Experiencing traumatic events may be associated with greater mental resilience among residents rather than causing widespread angst, suggests a study published this week that investigated the effect of World War II bombing on the mental health of citizens in German cities.
The largest-ever smartphone-based study examining the relationship between physical activity and happiness has found that even minimal levels of activity can have a positive effect on happiness.
Hard Brexiter or ardent Remainer? Psychologists aim to find out what drives our political ideologies01 Dec 2016
At a time of increasing divisions within politics – think of the recent battles over whether the UK should remain in or leave the European Union – many are asking what it is that drives political ideologies.
Do you like your jazz to be Norah Jones or Ornette Coleman, your classical music to be Bach or Stravinsky, or your rock to be Coldplay or Slayer? The answer could give an insight into the way you think, say researchers from the University of Cambridge.
A survey of almost 400,000 British residents has highlighted significant differences in personalities between regions. Amongst its findings, it shows Scots to be amongst the friendliest and most co-operative residents, Londoners the most open and Welsh people the least emotionally stable.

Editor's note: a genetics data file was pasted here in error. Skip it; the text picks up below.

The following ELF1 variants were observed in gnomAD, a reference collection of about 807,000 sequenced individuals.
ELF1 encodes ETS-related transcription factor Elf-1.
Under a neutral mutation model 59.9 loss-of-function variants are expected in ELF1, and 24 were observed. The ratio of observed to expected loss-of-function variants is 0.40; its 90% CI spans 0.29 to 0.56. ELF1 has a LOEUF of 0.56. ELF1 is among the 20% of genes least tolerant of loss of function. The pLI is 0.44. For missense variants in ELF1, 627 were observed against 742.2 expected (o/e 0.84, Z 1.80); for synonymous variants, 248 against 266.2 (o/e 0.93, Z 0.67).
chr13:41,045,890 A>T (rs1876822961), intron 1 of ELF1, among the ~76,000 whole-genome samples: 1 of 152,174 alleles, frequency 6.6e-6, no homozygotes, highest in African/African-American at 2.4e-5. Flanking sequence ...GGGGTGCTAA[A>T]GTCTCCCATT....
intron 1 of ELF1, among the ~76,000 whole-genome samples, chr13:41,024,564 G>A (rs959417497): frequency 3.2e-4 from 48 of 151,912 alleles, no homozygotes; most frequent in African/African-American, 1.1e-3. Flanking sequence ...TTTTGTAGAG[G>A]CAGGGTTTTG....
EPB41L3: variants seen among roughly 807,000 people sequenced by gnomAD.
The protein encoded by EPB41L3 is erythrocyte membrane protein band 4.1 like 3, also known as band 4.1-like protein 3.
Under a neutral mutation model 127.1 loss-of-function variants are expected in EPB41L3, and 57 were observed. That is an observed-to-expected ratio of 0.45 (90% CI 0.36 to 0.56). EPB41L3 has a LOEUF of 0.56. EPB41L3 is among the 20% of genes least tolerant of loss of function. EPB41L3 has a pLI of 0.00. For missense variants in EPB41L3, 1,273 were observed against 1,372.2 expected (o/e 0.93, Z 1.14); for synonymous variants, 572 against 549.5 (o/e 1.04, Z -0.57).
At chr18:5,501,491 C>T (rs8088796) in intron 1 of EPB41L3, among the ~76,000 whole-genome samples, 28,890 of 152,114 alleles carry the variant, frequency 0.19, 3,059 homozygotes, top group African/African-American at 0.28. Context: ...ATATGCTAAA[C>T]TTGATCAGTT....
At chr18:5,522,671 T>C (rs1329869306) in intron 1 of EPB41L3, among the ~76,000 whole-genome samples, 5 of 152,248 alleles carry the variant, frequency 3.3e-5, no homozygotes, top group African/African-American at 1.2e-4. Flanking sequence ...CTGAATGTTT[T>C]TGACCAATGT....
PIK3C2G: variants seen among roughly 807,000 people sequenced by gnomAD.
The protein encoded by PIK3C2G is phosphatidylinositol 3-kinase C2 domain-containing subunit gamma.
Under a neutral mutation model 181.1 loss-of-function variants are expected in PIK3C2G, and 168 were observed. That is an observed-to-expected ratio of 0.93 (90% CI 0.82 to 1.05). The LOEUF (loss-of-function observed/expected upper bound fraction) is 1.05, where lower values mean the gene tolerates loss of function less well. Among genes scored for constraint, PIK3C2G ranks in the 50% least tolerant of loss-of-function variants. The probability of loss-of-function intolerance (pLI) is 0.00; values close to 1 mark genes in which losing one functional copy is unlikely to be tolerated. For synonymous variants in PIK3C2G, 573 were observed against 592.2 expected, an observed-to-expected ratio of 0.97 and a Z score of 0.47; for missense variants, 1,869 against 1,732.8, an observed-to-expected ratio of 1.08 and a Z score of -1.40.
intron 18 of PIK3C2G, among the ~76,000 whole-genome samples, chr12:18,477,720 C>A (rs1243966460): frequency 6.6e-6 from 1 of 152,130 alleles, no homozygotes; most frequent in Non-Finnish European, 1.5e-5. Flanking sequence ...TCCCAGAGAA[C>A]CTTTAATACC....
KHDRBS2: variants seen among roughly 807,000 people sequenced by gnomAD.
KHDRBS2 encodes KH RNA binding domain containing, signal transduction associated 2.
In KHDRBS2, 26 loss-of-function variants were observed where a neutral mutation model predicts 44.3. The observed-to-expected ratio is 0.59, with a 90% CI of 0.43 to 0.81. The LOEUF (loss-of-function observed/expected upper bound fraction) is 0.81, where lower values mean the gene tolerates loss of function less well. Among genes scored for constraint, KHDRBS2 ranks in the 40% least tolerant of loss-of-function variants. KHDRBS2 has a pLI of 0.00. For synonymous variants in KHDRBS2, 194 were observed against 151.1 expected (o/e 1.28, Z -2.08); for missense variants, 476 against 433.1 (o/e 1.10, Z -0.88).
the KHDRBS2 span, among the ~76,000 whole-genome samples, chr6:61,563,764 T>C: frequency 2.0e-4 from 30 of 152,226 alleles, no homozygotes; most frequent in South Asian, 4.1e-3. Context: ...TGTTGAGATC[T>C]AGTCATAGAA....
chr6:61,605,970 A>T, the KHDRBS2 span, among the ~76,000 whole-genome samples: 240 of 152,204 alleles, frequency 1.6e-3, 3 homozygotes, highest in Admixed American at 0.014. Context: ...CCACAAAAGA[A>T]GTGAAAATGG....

“When a man is tired of London, he is tired of life,” observed the writer Samuel Johnson in the eighteenth century. In fact, research published today suggests such a man may be merely living in the wrong postcode. A study of 56,000 Londoners found that a person’s life satisfaction depends, at least in part, on whether their personality suits the place where they live.
New research charting broad shifts in changing personal music tastes during our lifetimes finds that - while it’s intrinsically linked to personality and experience - there are common music genre trends associated with key stages in a human life.